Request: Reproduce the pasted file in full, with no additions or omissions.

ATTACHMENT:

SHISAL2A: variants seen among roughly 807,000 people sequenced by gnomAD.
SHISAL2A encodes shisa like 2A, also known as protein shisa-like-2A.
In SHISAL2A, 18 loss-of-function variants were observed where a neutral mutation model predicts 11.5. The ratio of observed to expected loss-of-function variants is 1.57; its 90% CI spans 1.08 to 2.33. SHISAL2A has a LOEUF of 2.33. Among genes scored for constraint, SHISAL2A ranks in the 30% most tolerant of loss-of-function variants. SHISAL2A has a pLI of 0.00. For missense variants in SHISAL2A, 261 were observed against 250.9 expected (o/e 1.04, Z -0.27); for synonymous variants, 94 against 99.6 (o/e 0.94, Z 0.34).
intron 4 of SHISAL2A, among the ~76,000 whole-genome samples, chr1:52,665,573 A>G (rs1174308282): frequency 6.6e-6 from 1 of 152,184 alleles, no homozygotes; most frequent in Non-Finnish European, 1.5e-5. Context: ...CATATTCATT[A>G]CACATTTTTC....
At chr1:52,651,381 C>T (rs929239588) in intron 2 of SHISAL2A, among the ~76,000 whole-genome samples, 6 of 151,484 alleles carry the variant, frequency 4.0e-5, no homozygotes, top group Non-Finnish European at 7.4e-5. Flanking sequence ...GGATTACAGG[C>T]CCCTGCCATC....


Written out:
SHISAL2A: variants seen among roughly 807,000 people sequenced by gnomAD.
SHISAL2A encodes shisa like 2A, also known as protein shisa-like-2A.
In SHISAL2A, 18 loss-of-function variants were observed where a neutral mutation model predicts 11.5. The ratio of observed to expected loss-of-function variants is 1.57; its 90% CI spans 1.08 to 2.33. SHISAL2A has a LOEUF of 2.33. Among genes scored for constraint, SHISAL2A ranks in the 30% most tolerant of loss-of-function variants. SHISAL2A has a pLI of 0.00. For missense variants in SHISAL2A, 261 were observed against 250.9 expected (o/e 1.04, Z -0.27); for synonymous variants, 94 against 99.6 (o/e 0.94, Z 0.34).
intron 4 of SHISAL2A, among the ~76,000 whole-genome samples, chr1:52,665,573 A>G (rs1174308282): frequency 6.6e-6 from 1 of 152,184 alleles, no homozygotes; most frequent in Non-Finnish European, 1.5e-5. Context: ...CATATTCATT[A>G]CACATTTTTC....
At chr1:52,651,381 C>T (rs929239588) in intron 2 of SHISAL2A, among the ~76,000 whole-genome samples, 6 of 151,484 alleles carry the variant, frequency 4.0e-5, no homozygotes, top group Non-Finnish European at 7.4e-5. Flanking sequence ...GGATTACAGG[C>T]CCCTGCCATC....